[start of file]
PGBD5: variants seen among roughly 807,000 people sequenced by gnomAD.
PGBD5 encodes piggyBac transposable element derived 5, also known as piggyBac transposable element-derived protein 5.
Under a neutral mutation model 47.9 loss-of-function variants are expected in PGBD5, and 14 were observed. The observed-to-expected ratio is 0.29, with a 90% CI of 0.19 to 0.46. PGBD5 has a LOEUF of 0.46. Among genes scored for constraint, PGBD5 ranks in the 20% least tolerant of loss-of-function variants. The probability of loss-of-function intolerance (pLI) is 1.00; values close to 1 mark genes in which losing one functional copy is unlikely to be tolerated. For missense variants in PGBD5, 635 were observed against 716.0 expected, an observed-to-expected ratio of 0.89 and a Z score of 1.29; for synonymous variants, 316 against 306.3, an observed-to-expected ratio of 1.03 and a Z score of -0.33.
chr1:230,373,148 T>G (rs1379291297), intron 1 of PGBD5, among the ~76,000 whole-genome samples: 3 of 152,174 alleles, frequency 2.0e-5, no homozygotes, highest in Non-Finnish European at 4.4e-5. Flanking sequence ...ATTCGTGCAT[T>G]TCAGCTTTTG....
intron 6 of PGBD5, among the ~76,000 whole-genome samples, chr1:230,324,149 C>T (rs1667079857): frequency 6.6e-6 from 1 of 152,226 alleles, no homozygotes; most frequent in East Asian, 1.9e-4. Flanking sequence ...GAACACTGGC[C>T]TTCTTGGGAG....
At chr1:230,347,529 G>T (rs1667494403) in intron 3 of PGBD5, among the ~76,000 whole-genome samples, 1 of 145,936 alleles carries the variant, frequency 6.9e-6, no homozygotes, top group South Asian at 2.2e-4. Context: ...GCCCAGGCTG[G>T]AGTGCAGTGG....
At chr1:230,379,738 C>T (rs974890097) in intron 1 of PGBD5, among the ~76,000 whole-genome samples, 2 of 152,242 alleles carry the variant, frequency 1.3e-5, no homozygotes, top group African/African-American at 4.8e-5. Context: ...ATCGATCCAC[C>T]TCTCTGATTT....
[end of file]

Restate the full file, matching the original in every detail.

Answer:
PGBD5: variants seen among roughly 807,000 people sequenced by gnomAD.
PGBD5 encodes piggyBac transposable element derived 5, also known as piggyBac transposable element-derived protein 5.
Under a neutral mutation model 47.9 loss-of-function variants are expected in PGBD5, and 14 were observed. The observed-to-expected ratio is 0.29, with a 90% CI of 0.19 to 0.46. PGBD5 has a LOEUF of 0.46. Among genes scored for constraint, PGBD5 ranks in the 20% least tolerant of loss-of-function variants. The probability of loss-of-function intolerance (pLI) is 1.00; values close to 1 mark genes in which losing one functional copy is unlikely to be tolerated. For missense variants in PGBD5, 635 were observed against 716.0 expected, an observed-to-expected ratio of 0.89 and a Z score of 1.29; for synonymous variants, 316 against 306.3, an observed-to-expected ratio of 1.03 and a Z score of -0.33.
chr1:230,373,148 T>G (rs1379291297), intron 1 of PGBD5, among the ~76,000 whole-genome samples: 3 of 152,174 alleles, frequency 2.0e-5, no homozygotes, highest in Non-Finnish European at 4.4e-5. Flanking sequence ...ATTCGTGCAT[T>G]TCAGCTTTTG....
intron 6 of PGBD5, among the ~76,000 whole-genome samples, chr1:230,324,149 C>T (rs1667079857): frequency 6.6e-6 from 1 of 152,226 alleles, no homozygotes; most frequent in East Asian, 1.9e-4. Flanking sequence ...GAACACTGGC[C>T]TTCTTGGGAG....
At chr1:230,347,529 G>T (rs1667494403) in intron 3 of PGBD5, among the ~76,000 whole-genome samples, 1 of 145,936 alleles carries the variant, frequency 6.9e-6, no homozygotes, top group South Asian at 2.2e-4. Context: ...GCCCAGGCTG[G>T]AGTGCAGTGG....
At chr1:230,379,738 C>T (rs974890097) in intron 1 of PGBD5, among the ~76,000 whole-genome samples, 2 of 152,242 alleles carry the variant, frequency 1.3e-5, no homozygotes, top group African/African-American at 4.8e-5. Context: ...ATCGATCCAC[C>T]TCTCTGATTT....